Apple's top-of-the-range laptop gains an extra inch and a lot more besides.
For years Apple's high-end laptops have been almost standard issue for music producers, audio pros and video editors. They are undeniably expensive, but are powerful enough to be the single computer most of us would need both in the studio and out-and-about.
The first generation of Retina display MacBook Pros was a high point in the evolution of the product, with great connectivity including Thunderbolt 2. The machines that superseded these in the last three years have met with a mixed reaction. Despite beefy processors and a beautiful slim design, they topped out at 16GB RAM, and rather inconveniently moved exclusively to USB‑C/Thunderbolt 3 ports. Then there was the keyboard, which proved unreliable and sacrificed smooth, quiet action for a super low profile. Opinion was divided by the Touch Bar, which replaced the function keys with a dynamic control strip. A revised model in mid-2019 upped the RAM limit and improved the keyboard, but by the end of the year this stood aside for the new new MacBook Pro, in which Apple appear to have given their pro users a large chunk of what they wanted.
The external design of the new MacBook Pro is much the same as the previous models, but with a footprint around a centimetre larger in each dimension. It does feel thicker and heavier, which at first seemed to push it across a psychological line from mid-size laptop to portable workstation. In reality, its vital statistics are almost identical to those first 15-inch Retina MacBook Pros, and just a millimetre thicker and 0.17kg heavier than my current machine.
The extra inch of screen seemed a subtle difference at first, but as time went on I felt the benefits more and more. It has the glorious dynamic tone technology that adjusts the colour depending on the ambient light. There's something like 7 percent more pixel space in each direction, which might not sound much but at its finest display scale the UI runs at a High DPI equivalent of 2048 x 1280. It doesn't feel too tiny at this setting either, while the finest setting on my 15-inch (1920) is on the edge of comfort.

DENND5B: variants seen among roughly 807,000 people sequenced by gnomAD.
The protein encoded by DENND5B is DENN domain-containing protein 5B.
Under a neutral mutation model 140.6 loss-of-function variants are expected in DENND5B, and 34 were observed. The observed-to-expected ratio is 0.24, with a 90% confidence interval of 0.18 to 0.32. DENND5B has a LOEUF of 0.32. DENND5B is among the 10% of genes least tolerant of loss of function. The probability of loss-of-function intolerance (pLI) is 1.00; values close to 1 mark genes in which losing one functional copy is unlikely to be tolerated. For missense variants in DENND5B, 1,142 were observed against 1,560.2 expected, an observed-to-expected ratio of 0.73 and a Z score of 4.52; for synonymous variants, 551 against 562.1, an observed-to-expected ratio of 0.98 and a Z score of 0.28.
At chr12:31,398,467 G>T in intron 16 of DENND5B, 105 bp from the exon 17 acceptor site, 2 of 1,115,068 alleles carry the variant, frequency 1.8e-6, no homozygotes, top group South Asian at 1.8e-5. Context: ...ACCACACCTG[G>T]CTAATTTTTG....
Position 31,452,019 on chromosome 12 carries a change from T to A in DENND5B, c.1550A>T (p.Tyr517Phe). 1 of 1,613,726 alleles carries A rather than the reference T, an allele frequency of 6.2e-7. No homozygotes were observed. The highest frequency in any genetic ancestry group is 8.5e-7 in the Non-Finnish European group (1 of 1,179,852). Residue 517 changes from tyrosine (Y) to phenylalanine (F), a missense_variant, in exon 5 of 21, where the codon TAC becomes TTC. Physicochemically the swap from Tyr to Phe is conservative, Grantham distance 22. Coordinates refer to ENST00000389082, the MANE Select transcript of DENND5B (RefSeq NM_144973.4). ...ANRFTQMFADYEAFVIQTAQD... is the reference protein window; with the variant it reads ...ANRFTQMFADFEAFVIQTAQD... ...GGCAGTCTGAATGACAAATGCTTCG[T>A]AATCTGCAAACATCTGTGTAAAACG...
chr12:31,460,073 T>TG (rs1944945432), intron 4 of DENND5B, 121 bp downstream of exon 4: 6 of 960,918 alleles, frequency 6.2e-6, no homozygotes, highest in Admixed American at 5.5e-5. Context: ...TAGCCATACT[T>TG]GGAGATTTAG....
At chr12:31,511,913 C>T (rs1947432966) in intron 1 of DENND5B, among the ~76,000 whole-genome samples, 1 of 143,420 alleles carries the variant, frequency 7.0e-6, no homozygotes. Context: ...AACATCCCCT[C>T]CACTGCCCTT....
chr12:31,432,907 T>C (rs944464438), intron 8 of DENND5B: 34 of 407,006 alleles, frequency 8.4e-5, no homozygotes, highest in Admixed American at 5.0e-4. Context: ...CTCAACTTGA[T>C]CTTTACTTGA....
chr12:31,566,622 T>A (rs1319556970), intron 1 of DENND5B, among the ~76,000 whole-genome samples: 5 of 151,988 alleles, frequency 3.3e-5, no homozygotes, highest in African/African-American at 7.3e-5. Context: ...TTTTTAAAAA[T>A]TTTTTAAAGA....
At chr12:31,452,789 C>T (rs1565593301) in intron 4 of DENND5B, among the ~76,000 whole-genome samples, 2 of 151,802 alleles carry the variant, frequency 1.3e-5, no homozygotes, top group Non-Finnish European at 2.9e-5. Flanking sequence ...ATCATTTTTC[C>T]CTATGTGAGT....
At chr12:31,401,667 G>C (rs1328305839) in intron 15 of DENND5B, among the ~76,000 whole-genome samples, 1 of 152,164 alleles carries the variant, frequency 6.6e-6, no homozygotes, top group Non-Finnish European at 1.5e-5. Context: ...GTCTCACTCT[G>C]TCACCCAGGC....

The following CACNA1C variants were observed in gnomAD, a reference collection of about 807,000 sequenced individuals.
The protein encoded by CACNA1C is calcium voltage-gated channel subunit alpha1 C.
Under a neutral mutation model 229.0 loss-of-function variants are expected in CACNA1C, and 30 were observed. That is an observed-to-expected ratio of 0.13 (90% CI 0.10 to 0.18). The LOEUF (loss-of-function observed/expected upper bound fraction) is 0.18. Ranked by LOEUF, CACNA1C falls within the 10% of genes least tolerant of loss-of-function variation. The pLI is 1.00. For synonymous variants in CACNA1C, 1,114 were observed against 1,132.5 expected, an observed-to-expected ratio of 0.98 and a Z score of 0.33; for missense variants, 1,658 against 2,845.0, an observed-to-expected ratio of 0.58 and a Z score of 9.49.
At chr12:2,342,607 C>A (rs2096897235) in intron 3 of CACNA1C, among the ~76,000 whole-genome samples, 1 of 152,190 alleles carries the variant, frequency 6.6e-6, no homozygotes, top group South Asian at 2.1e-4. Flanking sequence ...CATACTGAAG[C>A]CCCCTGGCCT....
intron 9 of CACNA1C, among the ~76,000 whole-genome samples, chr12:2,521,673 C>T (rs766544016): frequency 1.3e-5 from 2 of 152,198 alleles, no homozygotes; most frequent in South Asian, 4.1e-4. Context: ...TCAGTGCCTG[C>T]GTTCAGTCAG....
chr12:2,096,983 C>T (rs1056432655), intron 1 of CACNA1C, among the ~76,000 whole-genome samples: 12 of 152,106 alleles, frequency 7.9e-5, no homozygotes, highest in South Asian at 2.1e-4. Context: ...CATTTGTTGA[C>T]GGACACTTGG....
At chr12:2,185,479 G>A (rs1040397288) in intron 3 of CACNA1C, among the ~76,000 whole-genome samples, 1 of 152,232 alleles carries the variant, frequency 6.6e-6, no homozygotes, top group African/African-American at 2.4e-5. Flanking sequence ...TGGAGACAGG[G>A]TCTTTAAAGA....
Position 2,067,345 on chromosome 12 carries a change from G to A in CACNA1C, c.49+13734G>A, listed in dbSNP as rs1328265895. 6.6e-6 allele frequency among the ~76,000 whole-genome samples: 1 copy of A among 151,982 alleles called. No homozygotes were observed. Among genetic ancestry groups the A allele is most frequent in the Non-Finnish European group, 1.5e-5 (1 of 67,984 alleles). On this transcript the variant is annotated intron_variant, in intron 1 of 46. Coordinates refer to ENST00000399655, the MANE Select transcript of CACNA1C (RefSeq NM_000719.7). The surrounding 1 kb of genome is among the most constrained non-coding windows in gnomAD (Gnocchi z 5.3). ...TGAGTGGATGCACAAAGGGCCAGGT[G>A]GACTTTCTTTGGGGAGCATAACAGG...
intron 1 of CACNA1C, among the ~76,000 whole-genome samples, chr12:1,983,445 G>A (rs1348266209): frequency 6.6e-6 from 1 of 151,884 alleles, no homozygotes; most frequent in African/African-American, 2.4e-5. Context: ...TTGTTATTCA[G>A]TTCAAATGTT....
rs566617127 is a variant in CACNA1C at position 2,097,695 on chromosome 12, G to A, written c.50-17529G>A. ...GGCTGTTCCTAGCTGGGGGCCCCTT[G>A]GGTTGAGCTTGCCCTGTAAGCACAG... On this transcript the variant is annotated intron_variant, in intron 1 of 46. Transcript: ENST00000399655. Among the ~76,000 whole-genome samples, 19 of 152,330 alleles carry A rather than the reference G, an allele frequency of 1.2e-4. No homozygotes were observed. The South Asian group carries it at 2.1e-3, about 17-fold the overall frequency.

So what about that keyboard? At first I was slightly underwhelmed by the difference, probably since the 2019 15-inch was already an improvement on what went before. It's still quite tappy: I've found the 15-inch infuriates anyone nearby trying to watch TV or sleep. But it certainly feels much better, with more positive travel and a scissor mechanism that feels more like Apple's desktop keyboards.
Apple have also gone back to an 'inverted T' layout for the cursor keys, something that apparently was much requested, although the difference eludes me. I'm absolutely on board, though, with the return of the physical Escape key, as well as the well–defined Touch ID pad/power button. These may seem small things, but make a real difference day to day, and again show that Apple are now listening and willing to pull back from ideas that aren't working. (See also: the Mac Pro.)
An upside of immersing yourself in the Apple ecosystem is how rapidly a new device feels like it's your own machine. (Side note: every time you say 'ecosystem' a sub-editor dies). Log in with your Apple ID, install your other cloud sync service(s) of choice and your life flows in. I've gone all-in on Apple Music and Photos, and all my music projects are on Dropbox, so there's little to do manually. Likewise, most DAWs and plug-in packages have manager apps that link with your account and can download and install your stuff. I installed Pro Tools, Logic Pro X, Ableton Live and Komplete/Maschine and let them pull in all my content from the ether.
To be fair, Windows has got much better at this stuff as well, as I found while setting up a new Surface Pro 7 around the same time as the MacBook. The only convenience I really miss on that device is the integration with photos and text messages from my phone.
The 16-inch MacBook comes with a minimum of a 6‑core i7 processor and 16GB RAM. There are few music mixing projects that are going to choke on this. But where you really need to know you've got sufficient grunt is when recording and monitoring through your DAW, playing processor–intensive virtual instruments, or in large multi-app scenarios.
The first thing I did was throw the biggest project I have at it: a large surround mix with around 120 tracks, lots of plug-ins, and 128 channels of audio being piped internally from Pro Tools to Dolby's real-time Atmos rendering app. This scenario is a test mainly relevant to pros working in film or TV scoring, but it's an effective way to tax the processors, the GPU (with XDCAM video running in the timeline) and in particular the memory. With its 64GB of RAM, the review machine didn't blink. It did blow its fans a fair bit, though. This is basically unavoidable with a laptop system pushed to do this much work, but at least the fan noise is more of an airy whoosh than a mechanical whine.
If I was shopping for a single machine for all eventualities, I don't know of a better investment than this.